One thing that did strike me as weird is the fact that while everything inside the P90D is touch-screen and push-button controlled, the actual shifter for the car—the thing that puts it in drive or reverse—is a stick on the steering column like in those old Buicks from the 1960s. It’s more of a design cue rather than function issue—the shifter worked very well and stayed blissfully out of the way while I adjusted sound, climate, and navigation—but it seemed an unexpected nod to a nonexistent transmission.
I have also read complaints about how the door handles mesh too closely into the inside of the door and how there aren’t enough cup holders—standard gripes about “too much form over not enough function.” I disagree. This is a luxury car, not a school bus. Its has all the heated seats, mirrors, power outlets, and sunshades you need. It’s not meant for Big Gulps and Slurpees.
While Tesla practiced restraint with unnecessary accoutrements, it has provided abundant headroom and leg space in both the front and back cabins. And, as we’ve come to know about Model S, there are two large trunks—one under the hood, one conventionally in the rear. I found myself feeling quite forlorn after I gave this car up and had to return to quite less storage space in a similarly configured sedan from a competing brand.
What to Look At
Once inside, two things commanded my attention: The 17-inch computer in the center console and the ($1,500) glass panoramic sunroof that spans the roof of the car. Both are mesmerizing. The touch screen is the command center for the car, controlling its charging rate, energy usage, drive mode, and communication with other drivers. You can configure it to your taste, touching and dragging down music playlists, maps, images, and phone information based on what you prefer.
The sunroof wide open somehow enhances the overriding message of the Model S. It’s the one car intended to show that modern personal transportation can and should be something radically cleaner, faster, and better-looking than what it was during the industrial age. Credit the thought to the mood-boosting Vitamin D soaking into my skin via that portal, but the connection made sense at the time.
Where to Spend, Where to Save
But back to the task at hand. I’d skip the $1,000 carbon fiber spoiler option, the $4,500 21-inch rims, and the $1,000 cold weather package. (The Model S has been the best-selling car in Norway, true, but if you’re buying one stateside, chances are good you live in California.)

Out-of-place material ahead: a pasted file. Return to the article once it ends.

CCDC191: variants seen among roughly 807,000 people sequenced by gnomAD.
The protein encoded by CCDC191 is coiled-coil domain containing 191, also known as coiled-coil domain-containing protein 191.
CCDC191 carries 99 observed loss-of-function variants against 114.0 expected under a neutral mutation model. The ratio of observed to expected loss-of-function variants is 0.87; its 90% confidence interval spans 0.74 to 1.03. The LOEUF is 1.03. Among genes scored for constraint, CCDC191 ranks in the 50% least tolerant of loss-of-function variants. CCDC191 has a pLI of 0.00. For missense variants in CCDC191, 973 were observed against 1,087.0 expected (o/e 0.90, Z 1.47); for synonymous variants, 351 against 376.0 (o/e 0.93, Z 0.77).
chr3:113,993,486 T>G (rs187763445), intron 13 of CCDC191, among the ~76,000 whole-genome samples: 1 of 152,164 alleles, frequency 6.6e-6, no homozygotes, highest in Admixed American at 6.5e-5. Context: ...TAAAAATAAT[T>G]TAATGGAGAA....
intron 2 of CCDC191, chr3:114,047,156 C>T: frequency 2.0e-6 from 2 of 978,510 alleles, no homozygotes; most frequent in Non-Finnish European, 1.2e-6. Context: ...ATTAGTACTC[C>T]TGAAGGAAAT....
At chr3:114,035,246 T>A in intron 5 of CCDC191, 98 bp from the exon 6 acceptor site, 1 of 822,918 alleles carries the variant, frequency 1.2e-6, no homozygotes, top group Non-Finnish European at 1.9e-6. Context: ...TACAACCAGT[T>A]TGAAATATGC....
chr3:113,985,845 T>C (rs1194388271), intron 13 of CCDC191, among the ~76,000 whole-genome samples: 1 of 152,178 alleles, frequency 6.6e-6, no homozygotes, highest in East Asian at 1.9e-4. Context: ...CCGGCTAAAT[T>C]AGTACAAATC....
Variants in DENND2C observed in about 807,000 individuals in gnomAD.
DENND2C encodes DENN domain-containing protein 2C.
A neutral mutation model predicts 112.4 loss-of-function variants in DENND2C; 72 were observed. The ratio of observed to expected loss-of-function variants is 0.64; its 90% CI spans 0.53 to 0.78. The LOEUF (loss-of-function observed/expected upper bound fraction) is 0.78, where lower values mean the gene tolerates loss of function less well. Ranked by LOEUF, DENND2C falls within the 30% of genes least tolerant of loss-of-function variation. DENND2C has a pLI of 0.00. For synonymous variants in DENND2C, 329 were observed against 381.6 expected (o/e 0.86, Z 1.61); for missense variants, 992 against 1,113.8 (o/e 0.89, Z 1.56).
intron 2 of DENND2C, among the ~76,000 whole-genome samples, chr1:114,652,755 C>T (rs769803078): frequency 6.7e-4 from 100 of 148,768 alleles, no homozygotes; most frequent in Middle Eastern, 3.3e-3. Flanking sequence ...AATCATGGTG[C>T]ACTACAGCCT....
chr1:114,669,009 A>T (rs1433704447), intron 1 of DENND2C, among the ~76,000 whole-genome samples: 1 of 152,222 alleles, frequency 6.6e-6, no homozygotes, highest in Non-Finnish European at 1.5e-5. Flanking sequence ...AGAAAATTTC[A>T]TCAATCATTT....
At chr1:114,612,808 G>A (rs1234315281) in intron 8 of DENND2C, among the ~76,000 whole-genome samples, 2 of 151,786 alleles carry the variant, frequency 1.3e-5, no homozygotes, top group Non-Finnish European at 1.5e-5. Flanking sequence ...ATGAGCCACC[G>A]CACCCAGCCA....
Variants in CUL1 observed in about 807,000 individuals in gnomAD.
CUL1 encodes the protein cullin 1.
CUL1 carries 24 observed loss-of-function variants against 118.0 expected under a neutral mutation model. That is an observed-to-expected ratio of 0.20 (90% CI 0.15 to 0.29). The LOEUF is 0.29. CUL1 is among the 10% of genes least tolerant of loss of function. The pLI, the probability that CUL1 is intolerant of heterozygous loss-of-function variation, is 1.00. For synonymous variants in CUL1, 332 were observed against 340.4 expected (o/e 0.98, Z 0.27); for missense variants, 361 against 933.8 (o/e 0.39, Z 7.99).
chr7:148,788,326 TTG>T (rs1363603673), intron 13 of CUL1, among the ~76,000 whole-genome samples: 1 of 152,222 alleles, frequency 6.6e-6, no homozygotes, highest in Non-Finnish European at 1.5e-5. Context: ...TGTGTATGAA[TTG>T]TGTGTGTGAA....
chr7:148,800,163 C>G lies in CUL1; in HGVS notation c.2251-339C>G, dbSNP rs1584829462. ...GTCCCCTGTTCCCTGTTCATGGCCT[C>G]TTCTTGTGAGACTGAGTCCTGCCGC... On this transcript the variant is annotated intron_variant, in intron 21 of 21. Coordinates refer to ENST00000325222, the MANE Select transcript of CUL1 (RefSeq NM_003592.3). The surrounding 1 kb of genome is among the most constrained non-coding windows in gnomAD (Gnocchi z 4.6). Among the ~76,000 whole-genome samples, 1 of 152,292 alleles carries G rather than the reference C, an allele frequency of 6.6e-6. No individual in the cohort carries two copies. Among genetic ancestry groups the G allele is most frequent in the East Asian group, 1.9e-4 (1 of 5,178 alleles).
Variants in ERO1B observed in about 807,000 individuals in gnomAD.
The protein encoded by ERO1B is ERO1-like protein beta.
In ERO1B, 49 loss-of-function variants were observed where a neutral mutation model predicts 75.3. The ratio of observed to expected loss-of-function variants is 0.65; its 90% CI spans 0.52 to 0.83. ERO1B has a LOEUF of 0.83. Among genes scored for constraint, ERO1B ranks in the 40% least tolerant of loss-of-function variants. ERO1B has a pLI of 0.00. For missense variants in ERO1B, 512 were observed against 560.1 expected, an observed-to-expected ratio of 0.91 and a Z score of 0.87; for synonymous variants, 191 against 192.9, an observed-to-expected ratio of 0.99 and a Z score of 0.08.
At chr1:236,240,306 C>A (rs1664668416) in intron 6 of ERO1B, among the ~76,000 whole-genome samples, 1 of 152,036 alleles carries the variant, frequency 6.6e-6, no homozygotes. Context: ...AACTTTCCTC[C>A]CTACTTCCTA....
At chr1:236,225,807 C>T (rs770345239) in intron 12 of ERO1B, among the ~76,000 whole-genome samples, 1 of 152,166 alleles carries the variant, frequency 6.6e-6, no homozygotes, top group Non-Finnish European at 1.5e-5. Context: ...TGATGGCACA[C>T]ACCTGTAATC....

I would splurge on the ($2,500) high-fidelity sound system, the ($3,000) range extender upgrade, and the ($2,500) autopilot system. The range extender gets you dozens of extra miles per charge, and the autopilot software adapts cruise and steering control to help driving under potentially stressful conditions. The car will charge on 120 volt, 240 (washer/dryer style) volt, and electric-car specified J1772 charging adapters, but since charge time takes 12 hours on the 240v version, I’d pay the $750 extra for the mega-power wall connector you can have installed in your garage and plug directly into the car.
It goes without saying, too, that you should choose the ($10,000) Ludicrous mode, which is the function that gets you that 2.8 second sprint time. The scary thing is that it’s a simple software download—you can select it and spend 10 Gs at the touch of a button. All in, things do get expensive. The P90D I drove cost nearly $140,000 once I accounted for all the upgrades. That’s a little more expensive than the wonderfully sporty $131,000 Porsche 911 GT3, but it’s still $40,000 less than the 570-hp Panamera Turbo S (zero-60 in 3.6 seconds) and $85,000 less than the 621-hp Mercedes-Benz AMGS65 sedan (zero-60 in 4.2 seconds).
The P90D is well worth it. Sedans never used to be about having a good time behind the wheel. Electric cars used to be more holier-than-thou than the Pope. But Musk has changed the sedan to match his own ideas of play. Go, buy, enjoy: You’re going to have so much fun.
(Corrects the effect of g-force in the sixth paragraph, and the average cost to fuel a car for the year in the seventh paragraph.)